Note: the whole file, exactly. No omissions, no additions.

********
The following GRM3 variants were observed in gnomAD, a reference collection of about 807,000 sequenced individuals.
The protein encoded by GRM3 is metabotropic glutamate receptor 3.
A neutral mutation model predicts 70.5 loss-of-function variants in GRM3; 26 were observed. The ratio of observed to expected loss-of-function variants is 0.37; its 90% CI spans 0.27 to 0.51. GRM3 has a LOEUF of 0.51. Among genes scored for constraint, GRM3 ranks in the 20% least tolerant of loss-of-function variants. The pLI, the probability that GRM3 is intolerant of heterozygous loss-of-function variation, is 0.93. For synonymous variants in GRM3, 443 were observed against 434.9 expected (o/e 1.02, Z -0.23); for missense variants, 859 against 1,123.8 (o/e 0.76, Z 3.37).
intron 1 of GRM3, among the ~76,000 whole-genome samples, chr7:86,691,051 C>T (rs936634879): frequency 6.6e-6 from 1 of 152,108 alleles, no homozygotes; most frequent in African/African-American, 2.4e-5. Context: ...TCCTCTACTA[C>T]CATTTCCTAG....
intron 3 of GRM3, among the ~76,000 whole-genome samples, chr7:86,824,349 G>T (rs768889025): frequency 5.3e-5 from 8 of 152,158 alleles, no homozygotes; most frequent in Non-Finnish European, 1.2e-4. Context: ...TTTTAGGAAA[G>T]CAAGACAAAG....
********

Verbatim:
The following GRM3 variants were observed in gnomAD, a reference collection of about 807,000 sequenced individuals.
The protein encoded by GRM3 is metabotropic glutamate receptor 3.
A neutral mutation model predicts 70.5 loss-of-function variants in GRM3; 26 were observed. The ratio of observed to expected loss-of-function variants is 0.37; its 90% CI spans 0.27 to 0.51. GRM3 has a LOEUF of 0.51. Among genes scored for constraint, GRM3 ranks in the 20% least tolerant of loss-of-function variants. The pLI, the probability that GRM3 is intolerant of heterozygous loss-of-function variation, is 0.93. For synonymous variants in GRM3, 443 were observed against 434.9 expected (o/e 1.02, Z -0.23); for missense variants, 859 against 1,123.8 (o/e 0.76, Z 3.37).
intron 1 of GRM3, among the ~76,000 whole-genome samples, chr7:86,691,051 C>T (rs936634879): frequency 6.6e-6 from 1 of 152,108 alleles, no homozygotes; most frequent in African/African-American, 2.4e-5. Context: ...TCCTCTACTA[C>T]CATTTCCTAG....
intron 3 of GRM3, among the ~76,000 whole-genome samples, chr7:86,824,349 G>T (rs768889025): frequency 5.3e-5 from 8 of 152,158 alleles, no homozygotes; most frequent in Non-Finnish European, 1.2e-4. Context: ...TTTTAGGAAA[G>T]CAAGACAAAG....